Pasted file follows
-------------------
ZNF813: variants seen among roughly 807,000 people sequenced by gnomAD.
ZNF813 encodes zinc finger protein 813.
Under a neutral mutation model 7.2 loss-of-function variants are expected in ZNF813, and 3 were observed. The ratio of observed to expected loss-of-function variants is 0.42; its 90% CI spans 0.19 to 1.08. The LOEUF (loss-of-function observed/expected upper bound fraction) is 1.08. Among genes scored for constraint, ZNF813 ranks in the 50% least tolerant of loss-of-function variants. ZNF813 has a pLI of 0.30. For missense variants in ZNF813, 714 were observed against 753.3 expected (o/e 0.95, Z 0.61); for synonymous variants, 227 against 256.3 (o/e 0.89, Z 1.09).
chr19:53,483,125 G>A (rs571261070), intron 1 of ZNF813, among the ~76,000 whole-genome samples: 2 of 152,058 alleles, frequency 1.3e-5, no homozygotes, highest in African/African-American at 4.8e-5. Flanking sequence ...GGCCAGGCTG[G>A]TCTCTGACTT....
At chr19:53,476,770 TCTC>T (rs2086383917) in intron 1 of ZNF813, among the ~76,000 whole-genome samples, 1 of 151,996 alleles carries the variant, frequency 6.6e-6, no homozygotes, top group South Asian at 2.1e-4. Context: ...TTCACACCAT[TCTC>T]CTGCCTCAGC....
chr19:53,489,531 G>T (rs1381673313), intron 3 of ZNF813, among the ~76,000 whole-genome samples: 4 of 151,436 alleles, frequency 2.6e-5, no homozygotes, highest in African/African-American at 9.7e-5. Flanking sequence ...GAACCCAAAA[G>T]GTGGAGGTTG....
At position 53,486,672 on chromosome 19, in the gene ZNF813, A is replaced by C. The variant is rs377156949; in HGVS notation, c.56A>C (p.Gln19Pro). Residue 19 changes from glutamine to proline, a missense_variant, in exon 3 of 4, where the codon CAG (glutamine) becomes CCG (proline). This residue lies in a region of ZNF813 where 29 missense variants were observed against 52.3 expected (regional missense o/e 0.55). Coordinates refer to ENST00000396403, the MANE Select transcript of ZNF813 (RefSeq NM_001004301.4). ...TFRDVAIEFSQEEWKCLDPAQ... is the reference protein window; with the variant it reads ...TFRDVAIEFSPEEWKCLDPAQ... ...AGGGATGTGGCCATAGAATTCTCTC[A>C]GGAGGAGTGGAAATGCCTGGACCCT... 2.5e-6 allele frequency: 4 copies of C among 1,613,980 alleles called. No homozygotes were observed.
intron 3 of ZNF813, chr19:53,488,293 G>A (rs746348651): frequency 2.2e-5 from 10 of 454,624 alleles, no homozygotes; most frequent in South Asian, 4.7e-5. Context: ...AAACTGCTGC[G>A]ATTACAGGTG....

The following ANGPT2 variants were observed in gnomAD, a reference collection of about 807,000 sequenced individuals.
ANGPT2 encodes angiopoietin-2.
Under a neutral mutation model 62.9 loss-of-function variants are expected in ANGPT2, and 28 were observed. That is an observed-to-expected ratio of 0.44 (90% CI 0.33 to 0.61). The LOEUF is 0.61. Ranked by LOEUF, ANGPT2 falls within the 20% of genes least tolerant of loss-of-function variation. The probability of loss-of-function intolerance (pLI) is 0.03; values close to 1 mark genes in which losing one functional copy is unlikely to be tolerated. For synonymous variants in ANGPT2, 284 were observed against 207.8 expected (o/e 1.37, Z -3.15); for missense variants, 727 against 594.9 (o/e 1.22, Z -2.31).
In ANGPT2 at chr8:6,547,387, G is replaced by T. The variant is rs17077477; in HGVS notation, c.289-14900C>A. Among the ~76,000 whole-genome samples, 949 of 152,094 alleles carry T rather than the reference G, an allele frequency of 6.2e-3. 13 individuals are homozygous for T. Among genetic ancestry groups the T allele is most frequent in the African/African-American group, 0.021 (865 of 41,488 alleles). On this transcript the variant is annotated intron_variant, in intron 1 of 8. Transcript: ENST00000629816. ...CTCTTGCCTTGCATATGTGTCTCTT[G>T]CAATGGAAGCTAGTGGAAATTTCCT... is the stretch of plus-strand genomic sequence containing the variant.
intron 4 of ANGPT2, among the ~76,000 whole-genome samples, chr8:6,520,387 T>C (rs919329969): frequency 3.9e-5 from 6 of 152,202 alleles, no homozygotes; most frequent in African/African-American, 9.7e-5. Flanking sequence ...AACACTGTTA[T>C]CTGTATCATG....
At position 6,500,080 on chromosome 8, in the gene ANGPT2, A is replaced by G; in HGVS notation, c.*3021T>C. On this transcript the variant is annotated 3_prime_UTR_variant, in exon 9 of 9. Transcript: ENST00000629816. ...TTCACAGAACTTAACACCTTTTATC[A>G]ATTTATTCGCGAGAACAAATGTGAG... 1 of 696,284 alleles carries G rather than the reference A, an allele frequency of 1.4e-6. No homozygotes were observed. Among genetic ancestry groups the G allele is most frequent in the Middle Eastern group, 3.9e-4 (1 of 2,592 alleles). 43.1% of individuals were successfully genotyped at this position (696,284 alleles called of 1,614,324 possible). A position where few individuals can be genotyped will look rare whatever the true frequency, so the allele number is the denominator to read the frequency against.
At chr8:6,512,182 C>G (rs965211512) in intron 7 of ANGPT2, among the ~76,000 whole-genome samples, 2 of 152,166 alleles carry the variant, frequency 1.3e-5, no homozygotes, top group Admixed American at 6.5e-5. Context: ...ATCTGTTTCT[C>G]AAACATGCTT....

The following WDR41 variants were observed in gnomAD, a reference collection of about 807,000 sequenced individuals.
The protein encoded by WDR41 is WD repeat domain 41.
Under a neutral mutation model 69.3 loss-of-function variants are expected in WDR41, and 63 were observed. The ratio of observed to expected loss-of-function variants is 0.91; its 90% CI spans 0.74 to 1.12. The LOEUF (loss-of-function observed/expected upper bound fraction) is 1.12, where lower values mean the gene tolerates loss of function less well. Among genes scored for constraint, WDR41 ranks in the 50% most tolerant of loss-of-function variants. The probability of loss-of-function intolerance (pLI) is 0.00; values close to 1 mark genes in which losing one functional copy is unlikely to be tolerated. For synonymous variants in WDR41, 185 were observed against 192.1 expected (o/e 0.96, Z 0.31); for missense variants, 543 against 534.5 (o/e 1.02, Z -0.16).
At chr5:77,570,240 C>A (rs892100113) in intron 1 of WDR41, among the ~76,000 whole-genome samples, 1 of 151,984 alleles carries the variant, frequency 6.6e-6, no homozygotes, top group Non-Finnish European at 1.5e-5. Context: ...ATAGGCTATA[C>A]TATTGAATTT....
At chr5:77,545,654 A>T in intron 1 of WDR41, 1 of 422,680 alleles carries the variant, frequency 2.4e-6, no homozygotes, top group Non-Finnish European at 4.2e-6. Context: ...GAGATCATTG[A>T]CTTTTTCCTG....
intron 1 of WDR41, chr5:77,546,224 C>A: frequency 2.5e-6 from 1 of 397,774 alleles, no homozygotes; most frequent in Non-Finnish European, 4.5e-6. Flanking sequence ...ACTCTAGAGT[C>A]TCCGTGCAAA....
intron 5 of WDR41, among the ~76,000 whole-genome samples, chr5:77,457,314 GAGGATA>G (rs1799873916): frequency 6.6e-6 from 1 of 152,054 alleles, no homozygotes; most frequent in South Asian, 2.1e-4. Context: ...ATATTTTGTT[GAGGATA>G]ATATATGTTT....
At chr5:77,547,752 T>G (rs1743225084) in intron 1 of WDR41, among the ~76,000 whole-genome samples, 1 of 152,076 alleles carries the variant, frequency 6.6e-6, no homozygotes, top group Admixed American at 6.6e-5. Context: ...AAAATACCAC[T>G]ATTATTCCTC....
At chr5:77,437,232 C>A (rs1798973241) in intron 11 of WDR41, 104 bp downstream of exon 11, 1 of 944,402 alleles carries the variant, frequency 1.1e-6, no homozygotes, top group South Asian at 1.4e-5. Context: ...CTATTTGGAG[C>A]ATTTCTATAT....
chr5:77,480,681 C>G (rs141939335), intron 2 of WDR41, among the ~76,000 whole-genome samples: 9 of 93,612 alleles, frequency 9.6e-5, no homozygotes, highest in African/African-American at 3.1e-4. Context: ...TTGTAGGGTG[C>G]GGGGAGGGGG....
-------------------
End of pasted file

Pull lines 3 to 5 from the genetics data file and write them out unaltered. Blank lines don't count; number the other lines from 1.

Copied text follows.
Under a neutral mutation model 7.2 loss-of-function variants are expected in ZNF813, and 3 were observed. The ratio of observed to expected loss-of-function variants is 0.42; its 90% CI spans 0.19 to 1.08. The LOEUF (loss-of-function observed/expected upper bound fraction) is 1.08. Among genes scored for constraint, ZNF813 ranks in the 50% least tolerant of loss-of-function variants. ZNF813 has a pLI of 0.30. For missense variants in ZNF813, 714 were observed against 753.3 expected (o/e 0.95, Z 0.61); for synonymous variants, 227 against 256.3 (o/e 0.89, Z 1.09).
chr19:53,483,125 G>A (rs571261070), intron 1 of ZNF813, among the ~76,000 whole-genome samples: 2 of 152,058 alleles, frequency 1.3e-5, no homozygotes, highest in African/African-American at 4.8e-5. Flanking sequence ...GGCCAGGCTG[G>A]TCTCTGACTT....
At chr19:53,476,770 TCTC>T (rs2086383917) in intron 1 of ZNF813, among the ~76,000 whole-genome samples, 1 of 151,996 alleles carries the variant, frequency 6.6e-6, no homozygotes, top group South Asian at 2.1e-4. Context: ...TTCACACCAT[TCTC>T]CTGCCTCAGC....